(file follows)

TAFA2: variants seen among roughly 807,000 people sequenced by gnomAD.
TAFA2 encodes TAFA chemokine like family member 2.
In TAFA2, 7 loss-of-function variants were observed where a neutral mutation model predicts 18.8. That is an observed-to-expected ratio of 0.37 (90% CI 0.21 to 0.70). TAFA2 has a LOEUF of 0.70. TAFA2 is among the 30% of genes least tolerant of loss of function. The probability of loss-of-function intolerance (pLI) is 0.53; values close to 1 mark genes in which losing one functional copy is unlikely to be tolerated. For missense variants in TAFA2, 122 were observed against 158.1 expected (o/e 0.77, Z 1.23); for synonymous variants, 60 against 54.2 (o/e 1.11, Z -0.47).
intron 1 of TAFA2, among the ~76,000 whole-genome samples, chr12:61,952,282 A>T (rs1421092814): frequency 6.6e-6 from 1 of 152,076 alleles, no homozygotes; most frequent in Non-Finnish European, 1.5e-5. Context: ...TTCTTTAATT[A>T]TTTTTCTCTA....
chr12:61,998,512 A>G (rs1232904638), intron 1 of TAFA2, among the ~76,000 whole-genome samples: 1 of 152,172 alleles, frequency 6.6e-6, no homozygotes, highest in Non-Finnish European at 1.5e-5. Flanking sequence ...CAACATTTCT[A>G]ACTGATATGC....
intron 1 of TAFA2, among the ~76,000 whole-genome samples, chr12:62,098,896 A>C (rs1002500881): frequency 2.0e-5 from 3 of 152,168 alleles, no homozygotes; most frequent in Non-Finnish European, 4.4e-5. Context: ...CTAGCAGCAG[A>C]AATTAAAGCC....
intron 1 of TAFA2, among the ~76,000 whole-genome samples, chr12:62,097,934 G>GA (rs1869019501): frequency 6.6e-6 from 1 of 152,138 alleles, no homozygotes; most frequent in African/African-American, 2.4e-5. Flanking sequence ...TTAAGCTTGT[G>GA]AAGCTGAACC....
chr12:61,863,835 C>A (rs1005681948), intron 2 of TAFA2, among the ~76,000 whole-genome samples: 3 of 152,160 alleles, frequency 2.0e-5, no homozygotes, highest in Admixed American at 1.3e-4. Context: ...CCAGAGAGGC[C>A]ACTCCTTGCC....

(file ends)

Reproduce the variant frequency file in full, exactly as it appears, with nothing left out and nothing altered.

TAFA2: variants seen among roughly 807,000 people sequenced by gnomAD.
TAFA2 encodes TAFA chemokine like family member 2.
In TAFA2, 7 loss-of-function variants were observed where a neutral mutation model predicts 18.8. That is an observed-to-expected ratio of 0.37 (90% CI 0.21 to 0.70). TAFA2 has a LOEUF of 0.70. TAFA2 is among the 30% of genes least tolerant of loss of function. The probability of loss-of-function intolerance (pLI) is 0.53; values close to 1 mark genes in which losing one functional copy is unlikely to be tolerated. For missense variants in TAFA2, 122 were observed against 158.1 expected (o/e 0.77, Z 1.23); for synonymous variants, 60 against 54.2 (o/e 1.11, Z -0.47).
intron 1 of TAFA2, among the ~76,000 whole-genome samples, chr12:61,952,282 A>T (rs1421092814): frequency 6.6e-6 from 1 of 152,076 alleles, no homozygotes; most frequent in Non-Finnish European, 1.5e-5. Context: ...TTCTTTAATT[A>T]TTTTTCTCTA....
chr12:61,998,512 A>G (rs1232904638), intron 1 of TAFA2, among the ~76,000 whole-genome samples: 1 of 152,172 alleles, frequency 6.6e-6, no homozygotes, highest in Non-Finnish European at 1.5e-5. Flanking sequence ...CAACATTTCT[A>G]ACTGATATGC....
intron 1 of TAFA2, among the ~76,000 whole-genome samples, chr12:62,098,896 A>C (rs1002500881): frequency 2.0e-5 from 3 of 152,168 alleles, no homozygotes; most frequent in Non-Finnish European, 4.4e-5. Context: ...CTAGCAGCAG[A>C]AATTAAAGCC....
intron 1 of TAFA2, among the ~76,000 whole-genome samples, chr12:62,097,934 G>GA (rs1869019501): frequency 6.6e-6 from 1 of 152,138 alleles, no homozygotes; most frequent in African/African-American, 2.4e-5. Flanking sequence ...TTAAGCTTGT[G>GA]AAGCTGAACC....
chr12:61,863,835 C>A (rs1005681948), intron 2 of TAFA2, among the ~76,000 whole-genome samples: 3 of 152,160 alleles, frequency 2.0e-5, no homozygotes, highest in Admixed American at 1.3e-4. Context: ...CCAGAGAGGC[C>A]ACTCCTTGCC....